Following a landslide defeat for pro-Beijing candidates in local elections last month, which spurred hopes the government would finally agree to an independent inquiry, Lam didn’t budge, but said she would form an independent review modeled on a panel set up by the UK government after the Tottenham riots in London in 2011. She didn’t say what sort of powers it would have. The recommendations (pdf) of the Tottenham report were largely ignored by the government and antipathy toward the police lingered years after the riots.
Lessons from history
Acting upon the most heavily supported demand—and in many ways the easiest to fulfil—could at least temporarily ameliorate tensions, which Lam has repeatedly said is her priority.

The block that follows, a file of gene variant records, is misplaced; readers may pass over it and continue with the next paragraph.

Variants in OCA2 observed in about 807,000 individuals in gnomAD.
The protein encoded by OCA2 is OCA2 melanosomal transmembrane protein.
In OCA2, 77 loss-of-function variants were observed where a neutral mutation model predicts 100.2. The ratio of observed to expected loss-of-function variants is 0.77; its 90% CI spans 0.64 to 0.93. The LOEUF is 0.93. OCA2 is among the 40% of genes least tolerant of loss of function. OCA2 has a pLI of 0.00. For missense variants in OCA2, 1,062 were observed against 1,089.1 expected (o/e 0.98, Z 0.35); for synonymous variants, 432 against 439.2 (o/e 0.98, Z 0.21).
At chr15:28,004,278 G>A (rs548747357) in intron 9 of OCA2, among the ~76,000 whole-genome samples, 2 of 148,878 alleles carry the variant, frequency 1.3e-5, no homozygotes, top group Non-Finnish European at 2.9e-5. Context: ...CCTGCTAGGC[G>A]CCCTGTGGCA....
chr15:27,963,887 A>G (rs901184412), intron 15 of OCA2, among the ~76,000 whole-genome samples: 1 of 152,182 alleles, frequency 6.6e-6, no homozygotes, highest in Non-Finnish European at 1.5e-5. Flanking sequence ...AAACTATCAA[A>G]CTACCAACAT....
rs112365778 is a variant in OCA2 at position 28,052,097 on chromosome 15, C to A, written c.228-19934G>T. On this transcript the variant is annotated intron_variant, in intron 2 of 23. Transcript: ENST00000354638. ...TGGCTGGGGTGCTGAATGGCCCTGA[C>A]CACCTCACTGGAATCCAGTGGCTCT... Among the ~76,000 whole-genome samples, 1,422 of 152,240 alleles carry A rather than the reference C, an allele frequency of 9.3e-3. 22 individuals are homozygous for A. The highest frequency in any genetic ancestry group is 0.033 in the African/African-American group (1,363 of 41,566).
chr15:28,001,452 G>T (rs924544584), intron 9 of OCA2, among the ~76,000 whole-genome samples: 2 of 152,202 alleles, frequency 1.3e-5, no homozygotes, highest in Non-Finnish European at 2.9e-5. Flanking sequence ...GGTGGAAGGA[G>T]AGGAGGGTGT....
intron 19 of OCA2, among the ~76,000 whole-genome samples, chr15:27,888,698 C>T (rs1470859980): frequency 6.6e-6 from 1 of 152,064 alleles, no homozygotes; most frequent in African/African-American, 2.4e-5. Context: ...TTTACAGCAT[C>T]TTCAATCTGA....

According to Brian Dooley, a senior advisor at Washington, DC-based Human Rights First, an international human rights organization, “Part of the problem is that people think there’s never going to be accountability, never going to be justice, never going to be the full truth told.” But “just showing that you are entering into a process to produce at least the truth” helps, he said.
While there isn’t a magic formula for the perfect inquiry, successful ones share several factors, said Dooley: they command public trust, which can come from having a diverse body of commissioners and a transparent process; they are established soon after the incident in question and are completed relatively quickly; and they offer robust recommendations for reforms.
In Hong Kong’s case that might involve, for example, stricter protocols on the use of tear gas and firearms—a former Australian police officer who examined video of steps preceding a police shooting of a protester said the officer demonstrated “unacceptable use of a firearm” in a crowd.